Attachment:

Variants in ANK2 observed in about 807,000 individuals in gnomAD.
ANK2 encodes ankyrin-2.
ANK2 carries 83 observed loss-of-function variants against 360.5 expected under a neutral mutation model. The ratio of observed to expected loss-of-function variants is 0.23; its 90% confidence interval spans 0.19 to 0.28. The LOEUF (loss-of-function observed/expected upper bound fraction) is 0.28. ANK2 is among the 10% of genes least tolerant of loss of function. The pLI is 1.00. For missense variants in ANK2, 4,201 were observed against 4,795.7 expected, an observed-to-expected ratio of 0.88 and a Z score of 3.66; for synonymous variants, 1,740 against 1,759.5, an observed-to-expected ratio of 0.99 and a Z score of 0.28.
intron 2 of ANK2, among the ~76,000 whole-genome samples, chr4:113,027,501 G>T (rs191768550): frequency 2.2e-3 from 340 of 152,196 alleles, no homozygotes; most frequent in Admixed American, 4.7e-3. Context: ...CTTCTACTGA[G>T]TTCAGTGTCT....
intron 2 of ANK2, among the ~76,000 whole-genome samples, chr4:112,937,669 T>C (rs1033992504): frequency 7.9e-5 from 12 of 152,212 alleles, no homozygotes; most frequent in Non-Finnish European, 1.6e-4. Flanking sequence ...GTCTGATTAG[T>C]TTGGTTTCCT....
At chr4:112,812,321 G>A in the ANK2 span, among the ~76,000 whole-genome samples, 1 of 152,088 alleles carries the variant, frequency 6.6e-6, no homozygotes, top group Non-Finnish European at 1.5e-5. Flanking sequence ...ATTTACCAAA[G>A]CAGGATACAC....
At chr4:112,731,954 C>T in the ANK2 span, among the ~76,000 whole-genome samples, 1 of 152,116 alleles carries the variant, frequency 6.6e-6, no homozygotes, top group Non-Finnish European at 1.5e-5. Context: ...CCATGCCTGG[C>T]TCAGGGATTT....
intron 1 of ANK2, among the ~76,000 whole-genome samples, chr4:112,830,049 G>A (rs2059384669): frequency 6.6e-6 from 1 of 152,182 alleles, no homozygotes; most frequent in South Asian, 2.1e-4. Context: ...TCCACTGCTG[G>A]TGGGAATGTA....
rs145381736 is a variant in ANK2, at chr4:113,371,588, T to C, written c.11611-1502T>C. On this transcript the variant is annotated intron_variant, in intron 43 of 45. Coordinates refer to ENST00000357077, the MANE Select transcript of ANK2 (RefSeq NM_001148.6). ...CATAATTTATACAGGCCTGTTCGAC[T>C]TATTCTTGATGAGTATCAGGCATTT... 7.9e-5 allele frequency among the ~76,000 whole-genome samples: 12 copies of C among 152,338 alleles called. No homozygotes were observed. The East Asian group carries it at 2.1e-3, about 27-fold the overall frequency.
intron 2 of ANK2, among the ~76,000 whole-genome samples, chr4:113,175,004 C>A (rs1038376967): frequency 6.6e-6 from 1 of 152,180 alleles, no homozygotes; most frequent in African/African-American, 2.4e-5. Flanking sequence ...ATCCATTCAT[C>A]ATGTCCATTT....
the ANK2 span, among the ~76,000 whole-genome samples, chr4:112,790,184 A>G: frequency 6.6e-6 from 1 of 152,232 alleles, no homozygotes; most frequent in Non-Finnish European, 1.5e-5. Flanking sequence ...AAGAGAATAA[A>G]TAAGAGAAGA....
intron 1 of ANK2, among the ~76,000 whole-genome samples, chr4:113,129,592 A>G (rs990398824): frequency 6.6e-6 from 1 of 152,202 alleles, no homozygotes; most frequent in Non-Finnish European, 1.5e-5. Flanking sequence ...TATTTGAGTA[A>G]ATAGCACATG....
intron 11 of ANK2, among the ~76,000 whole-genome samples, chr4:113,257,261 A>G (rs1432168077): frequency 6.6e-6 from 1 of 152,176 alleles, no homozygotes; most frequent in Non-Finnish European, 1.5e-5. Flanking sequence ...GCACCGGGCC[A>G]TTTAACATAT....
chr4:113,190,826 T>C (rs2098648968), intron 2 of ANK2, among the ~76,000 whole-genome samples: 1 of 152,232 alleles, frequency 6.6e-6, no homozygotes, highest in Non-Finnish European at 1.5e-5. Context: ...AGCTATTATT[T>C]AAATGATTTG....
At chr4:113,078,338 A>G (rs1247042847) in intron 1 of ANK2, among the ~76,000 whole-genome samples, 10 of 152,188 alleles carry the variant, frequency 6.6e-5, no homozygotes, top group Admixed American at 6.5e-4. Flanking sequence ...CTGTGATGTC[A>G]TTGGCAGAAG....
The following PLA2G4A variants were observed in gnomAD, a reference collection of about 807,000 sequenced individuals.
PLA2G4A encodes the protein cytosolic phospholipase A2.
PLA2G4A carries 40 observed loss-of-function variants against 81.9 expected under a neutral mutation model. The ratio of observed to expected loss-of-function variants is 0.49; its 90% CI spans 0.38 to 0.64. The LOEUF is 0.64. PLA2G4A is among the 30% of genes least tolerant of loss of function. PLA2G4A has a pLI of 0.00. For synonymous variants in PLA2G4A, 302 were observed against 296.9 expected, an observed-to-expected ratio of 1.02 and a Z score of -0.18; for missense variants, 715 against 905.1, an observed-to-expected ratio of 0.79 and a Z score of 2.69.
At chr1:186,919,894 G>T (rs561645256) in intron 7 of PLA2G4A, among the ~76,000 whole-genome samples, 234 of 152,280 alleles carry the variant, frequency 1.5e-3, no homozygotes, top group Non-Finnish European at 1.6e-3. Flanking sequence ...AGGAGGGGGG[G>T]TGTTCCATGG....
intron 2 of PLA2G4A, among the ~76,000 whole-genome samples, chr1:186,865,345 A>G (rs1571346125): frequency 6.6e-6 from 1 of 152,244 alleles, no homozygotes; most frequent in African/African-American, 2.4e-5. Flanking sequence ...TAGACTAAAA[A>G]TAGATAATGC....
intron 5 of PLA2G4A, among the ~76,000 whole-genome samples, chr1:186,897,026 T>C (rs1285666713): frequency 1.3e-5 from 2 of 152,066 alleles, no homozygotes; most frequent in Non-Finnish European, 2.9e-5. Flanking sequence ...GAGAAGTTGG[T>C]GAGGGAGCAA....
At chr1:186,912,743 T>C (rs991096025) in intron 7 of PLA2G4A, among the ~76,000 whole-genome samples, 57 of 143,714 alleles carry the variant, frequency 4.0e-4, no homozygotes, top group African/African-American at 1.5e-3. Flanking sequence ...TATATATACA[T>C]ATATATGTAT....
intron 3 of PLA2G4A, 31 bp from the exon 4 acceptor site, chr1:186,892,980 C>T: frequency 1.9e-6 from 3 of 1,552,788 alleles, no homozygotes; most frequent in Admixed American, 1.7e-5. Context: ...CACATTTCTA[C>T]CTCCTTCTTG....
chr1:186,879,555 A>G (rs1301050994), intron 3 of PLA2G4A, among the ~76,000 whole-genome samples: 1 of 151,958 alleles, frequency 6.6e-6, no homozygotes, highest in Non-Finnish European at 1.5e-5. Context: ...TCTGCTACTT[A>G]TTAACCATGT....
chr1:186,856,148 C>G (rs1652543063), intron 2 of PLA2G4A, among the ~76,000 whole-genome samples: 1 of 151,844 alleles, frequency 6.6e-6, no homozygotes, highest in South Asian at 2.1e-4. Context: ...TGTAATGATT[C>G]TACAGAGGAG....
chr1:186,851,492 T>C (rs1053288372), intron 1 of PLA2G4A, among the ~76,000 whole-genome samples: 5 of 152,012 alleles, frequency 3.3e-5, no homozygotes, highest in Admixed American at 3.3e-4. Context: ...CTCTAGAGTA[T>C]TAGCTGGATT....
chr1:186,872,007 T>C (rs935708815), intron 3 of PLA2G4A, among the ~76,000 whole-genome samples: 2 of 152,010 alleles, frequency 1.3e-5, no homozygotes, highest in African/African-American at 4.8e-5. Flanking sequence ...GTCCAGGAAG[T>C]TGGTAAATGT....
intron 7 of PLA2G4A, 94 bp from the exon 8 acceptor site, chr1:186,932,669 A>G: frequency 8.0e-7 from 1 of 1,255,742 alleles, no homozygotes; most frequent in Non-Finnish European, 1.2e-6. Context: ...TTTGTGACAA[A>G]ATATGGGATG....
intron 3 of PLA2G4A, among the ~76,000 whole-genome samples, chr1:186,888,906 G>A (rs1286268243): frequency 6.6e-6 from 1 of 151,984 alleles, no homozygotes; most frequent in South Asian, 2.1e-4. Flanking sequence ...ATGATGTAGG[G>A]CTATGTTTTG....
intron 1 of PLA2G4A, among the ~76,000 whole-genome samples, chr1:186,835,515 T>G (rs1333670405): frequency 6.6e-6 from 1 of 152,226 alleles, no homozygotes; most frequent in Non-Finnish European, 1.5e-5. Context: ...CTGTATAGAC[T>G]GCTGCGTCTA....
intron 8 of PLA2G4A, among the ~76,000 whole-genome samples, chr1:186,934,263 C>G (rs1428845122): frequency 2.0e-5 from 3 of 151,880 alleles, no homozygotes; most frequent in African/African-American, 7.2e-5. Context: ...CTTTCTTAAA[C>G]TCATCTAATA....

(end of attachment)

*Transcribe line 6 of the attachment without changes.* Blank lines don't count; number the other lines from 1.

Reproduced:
At chr4:112,812,321 G>A in the ANK2 span, among the ~76,000 whole-genome samples, 1 of 152,088 alleles carries the variant, frequency 6.6e-6, no homozygotes, top group Non-Finnish European at 1.5e-5. Flanking sequence ...ATTTACCAAA[G>A]CAGGATACAC....